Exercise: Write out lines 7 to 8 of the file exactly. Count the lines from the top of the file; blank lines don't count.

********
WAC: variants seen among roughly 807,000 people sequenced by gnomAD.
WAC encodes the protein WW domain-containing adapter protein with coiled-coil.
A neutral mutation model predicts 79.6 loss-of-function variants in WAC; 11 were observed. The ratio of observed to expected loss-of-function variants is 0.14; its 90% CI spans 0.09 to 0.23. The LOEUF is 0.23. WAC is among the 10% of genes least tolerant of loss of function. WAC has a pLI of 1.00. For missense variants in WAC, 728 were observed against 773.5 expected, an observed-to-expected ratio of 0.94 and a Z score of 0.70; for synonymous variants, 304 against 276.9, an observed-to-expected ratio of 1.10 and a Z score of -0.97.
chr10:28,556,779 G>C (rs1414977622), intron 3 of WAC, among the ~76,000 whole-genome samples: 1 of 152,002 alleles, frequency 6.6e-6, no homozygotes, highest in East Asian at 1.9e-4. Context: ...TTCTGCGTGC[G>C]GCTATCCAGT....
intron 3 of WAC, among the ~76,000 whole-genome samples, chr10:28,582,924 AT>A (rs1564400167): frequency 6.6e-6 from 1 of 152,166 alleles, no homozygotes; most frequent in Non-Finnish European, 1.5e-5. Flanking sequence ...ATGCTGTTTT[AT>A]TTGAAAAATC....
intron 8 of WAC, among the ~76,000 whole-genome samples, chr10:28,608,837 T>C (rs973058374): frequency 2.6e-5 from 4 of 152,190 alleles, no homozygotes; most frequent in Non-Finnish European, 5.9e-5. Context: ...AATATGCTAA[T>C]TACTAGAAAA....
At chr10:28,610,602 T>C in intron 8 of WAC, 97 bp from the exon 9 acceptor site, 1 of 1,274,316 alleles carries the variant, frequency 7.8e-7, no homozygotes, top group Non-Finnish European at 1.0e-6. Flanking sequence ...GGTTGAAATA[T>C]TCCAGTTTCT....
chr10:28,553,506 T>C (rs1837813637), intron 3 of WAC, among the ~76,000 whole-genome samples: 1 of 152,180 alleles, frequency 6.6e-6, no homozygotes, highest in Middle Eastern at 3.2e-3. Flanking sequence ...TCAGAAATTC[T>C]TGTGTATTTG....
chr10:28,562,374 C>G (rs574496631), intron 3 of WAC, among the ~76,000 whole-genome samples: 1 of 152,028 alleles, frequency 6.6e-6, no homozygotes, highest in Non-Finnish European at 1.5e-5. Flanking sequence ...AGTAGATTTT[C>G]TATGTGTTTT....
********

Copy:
At chr10:28,610,602 T>C in intron 8 of WAC, 97 bp from the exon 9 acceptor site, 1 of 1,274,316 alleles carries the variant, frequency 7.8e-7, no homozygotes, top group Non-Finnish European at 1.0e-6. Flanking sequence ...GGTTGAAATA[T>C]TCCAGTTTCT....
chr10:28,553,506 T>C (rs1837813637), intron 3 of WAC, among the ~76,000 whole-genome samples: 1 of 152,180 alleles, frequency 6.6e-6, no homozygotes, highest in Middle Eastern at 3.2e-3. Flanking sequence ...TCAGAAATTC[T>C]TGTGTATTTG....